There’s a flush-cut adapter that will fit to the standard blade mount, and it carries the saw blade in its own mount. By offsetting the blade several inches, it’s possible to reach behind moldings or cut flush at the surface without bending the blade. It adds an extra degree of versatility to the reciprocating saw and opens a space for other uses for reciprocating saws, allowing the blade to reach in and cut parallel to and level with any surface. The adapter can be rotated to allow flush cuts on the left or the right and the saw blade can be clamped in the adapter for cutting up or down. In addition to cutting, the offset adapter allows for the reciprocating saw to be used as a sander for areas that hard-to-reach areas.
There’s also a blade extension to allow the working saw-blade additional reach, removing the danger of saw users over-extending while standing on ladders. It also makes it easier to access an area the body of the reciprocating saw makes the cut difficult to complete.
Cutting metal with a reciprocating saw
When cutting metal with a reciprocating saw, use a slower speed and more teeth to avoid overheating the blade. Also, go very slowly when starting to make the metal cut to avoid skidding over the surface.
Cutting thin sheet metal is possible but you’ll get the best results when the sheet is sandwiched between light sheets of plywood. Cut through the outside ply sheeting and the edge of the sheet metal will have a clean cut with no tears. Buy good reciprocating saw blades. Cheap blades just won’t “cut it.”
Use a reciprocating saw as a garden tool instead of a small chainsaw for smaller tree cutting and pruning. It’s safer because the blade has a brake. The reciprocating saw is also lighter, and when cutting small branches you can steady the limb with one hand while cutting. This is never allowed when using a chainsaw; it’s far too dangerous.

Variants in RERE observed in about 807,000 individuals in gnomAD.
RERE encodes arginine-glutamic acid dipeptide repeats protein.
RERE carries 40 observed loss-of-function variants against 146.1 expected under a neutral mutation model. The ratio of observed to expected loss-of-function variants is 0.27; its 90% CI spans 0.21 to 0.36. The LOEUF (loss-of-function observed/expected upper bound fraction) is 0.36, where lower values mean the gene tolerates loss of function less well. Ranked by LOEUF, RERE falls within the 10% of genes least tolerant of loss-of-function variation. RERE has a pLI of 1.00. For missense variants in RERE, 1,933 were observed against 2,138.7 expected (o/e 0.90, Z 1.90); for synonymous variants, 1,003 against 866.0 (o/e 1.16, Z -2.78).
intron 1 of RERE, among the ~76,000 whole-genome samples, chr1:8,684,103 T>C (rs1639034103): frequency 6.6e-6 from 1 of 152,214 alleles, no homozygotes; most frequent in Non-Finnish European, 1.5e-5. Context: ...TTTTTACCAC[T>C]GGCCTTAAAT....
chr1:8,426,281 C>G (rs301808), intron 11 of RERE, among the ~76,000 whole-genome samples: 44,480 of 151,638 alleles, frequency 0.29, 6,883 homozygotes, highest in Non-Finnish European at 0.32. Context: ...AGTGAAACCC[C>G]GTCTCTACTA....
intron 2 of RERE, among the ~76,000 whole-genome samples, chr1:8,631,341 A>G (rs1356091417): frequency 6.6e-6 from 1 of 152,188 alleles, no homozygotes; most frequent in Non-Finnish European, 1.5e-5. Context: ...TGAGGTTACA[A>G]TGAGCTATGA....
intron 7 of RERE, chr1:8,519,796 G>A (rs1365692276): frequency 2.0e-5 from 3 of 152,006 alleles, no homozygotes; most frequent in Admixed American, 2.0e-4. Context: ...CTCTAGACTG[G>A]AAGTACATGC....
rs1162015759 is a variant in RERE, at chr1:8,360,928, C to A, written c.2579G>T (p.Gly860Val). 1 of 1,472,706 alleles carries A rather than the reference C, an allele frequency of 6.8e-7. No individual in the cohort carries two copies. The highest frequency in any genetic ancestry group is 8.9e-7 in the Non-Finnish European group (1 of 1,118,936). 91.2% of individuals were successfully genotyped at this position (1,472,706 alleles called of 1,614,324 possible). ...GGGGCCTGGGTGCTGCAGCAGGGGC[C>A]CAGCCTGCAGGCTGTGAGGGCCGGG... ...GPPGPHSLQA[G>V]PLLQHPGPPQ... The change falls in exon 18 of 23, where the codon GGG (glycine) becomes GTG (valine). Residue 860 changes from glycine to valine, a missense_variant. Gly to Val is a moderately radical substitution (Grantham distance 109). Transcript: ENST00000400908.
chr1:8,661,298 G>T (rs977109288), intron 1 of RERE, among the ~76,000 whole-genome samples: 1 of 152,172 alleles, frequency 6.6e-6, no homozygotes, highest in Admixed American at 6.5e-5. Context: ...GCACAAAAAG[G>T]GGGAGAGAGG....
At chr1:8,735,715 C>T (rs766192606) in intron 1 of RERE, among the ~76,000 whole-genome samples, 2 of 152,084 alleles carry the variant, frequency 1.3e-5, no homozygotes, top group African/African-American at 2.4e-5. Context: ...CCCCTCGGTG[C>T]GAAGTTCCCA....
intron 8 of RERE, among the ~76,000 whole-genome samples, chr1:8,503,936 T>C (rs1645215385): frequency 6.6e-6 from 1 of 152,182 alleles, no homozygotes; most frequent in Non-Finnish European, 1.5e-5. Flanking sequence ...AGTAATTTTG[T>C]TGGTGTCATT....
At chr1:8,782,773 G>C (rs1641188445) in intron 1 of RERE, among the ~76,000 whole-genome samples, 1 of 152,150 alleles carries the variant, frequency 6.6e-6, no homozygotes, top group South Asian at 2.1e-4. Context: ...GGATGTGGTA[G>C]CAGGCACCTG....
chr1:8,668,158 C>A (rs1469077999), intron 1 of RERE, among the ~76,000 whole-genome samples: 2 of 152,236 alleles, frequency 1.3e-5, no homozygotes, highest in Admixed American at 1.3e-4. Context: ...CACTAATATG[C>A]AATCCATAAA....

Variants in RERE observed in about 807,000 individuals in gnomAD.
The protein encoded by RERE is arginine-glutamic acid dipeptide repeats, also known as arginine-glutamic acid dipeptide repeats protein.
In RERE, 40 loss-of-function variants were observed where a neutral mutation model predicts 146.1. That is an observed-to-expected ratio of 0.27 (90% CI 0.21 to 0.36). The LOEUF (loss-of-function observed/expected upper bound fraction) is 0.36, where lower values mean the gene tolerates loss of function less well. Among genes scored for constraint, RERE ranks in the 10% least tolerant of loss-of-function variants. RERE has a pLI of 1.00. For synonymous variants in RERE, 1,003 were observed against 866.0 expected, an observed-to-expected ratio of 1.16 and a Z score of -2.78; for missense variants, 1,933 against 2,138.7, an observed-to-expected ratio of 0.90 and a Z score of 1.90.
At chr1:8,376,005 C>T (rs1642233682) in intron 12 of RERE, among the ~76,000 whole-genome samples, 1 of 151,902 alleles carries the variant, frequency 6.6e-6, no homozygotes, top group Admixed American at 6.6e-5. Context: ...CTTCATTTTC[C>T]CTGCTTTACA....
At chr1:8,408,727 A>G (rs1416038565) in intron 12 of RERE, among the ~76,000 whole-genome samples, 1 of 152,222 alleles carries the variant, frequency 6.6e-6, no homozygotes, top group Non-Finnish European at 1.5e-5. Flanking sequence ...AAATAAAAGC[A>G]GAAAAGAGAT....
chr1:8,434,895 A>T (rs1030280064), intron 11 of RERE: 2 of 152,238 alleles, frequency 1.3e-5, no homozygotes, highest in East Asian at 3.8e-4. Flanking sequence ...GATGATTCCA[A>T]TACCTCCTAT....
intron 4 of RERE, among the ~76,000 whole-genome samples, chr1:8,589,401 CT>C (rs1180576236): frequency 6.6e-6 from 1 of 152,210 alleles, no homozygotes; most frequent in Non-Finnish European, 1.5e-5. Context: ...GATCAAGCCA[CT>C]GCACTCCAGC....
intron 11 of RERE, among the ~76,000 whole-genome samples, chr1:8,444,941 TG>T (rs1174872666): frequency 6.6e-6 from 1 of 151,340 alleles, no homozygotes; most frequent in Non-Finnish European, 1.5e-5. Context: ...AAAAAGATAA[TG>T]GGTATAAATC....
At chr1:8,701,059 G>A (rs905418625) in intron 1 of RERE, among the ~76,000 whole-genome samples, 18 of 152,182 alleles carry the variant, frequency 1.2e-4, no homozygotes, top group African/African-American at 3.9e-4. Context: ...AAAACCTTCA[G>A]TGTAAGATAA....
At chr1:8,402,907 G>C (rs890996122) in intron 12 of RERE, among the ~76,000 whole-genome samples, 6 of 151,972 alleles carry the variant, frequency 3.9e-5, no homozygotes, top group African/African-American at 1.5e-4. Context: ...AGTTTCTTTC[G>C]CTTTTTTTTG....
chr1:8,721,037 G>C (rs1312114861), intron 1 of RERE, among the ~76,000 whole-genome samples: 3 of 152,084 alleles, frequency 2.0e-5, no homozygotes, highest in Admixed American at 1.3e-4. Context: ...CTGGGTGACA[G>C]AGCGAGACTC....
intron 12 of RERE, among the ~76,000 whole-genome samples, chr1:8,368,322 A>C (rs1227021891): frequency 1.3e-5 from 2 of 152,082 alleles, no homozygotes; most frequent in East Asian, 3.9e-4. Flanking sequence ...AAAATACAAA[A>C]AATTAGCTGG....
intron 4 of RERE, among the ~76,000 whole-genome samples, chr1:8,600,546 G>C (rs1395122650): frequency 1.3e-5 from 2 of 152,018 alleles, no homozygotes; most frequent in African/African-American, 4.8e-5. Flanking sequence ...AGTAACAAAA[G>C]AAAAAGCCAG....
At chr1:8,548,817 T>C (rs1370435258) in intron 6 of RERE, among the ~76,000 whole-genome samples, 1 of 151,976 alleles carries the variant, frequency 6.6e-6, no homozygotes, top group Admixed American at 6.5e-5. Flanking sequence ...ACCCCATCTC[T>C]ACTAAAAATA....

There are curved tree-limb blades available for your reciprocating saw that are optimized for yard and pruning work.
Removing damaged drywall
Among other uses for reciprocating saws, removing damaged drywall is very popular. To cut out a section of drywall, use a thin drywall blade on the saw. Pull the blade by hand until it’s fully extended. Take a piece of drywall scrap, and with it resting on the saw’s shoe, mark a line on the blade at the material thickness. Then snap off the blade using some good tinsnips. Now you can cut the damaged drywall out by sawing down at the middle point of the studs either side of the damage and also across between the studs without hitting the studs. And there’s no fear of snagging electrical or pipework that may be behind the drywall.[tip id=”11842″]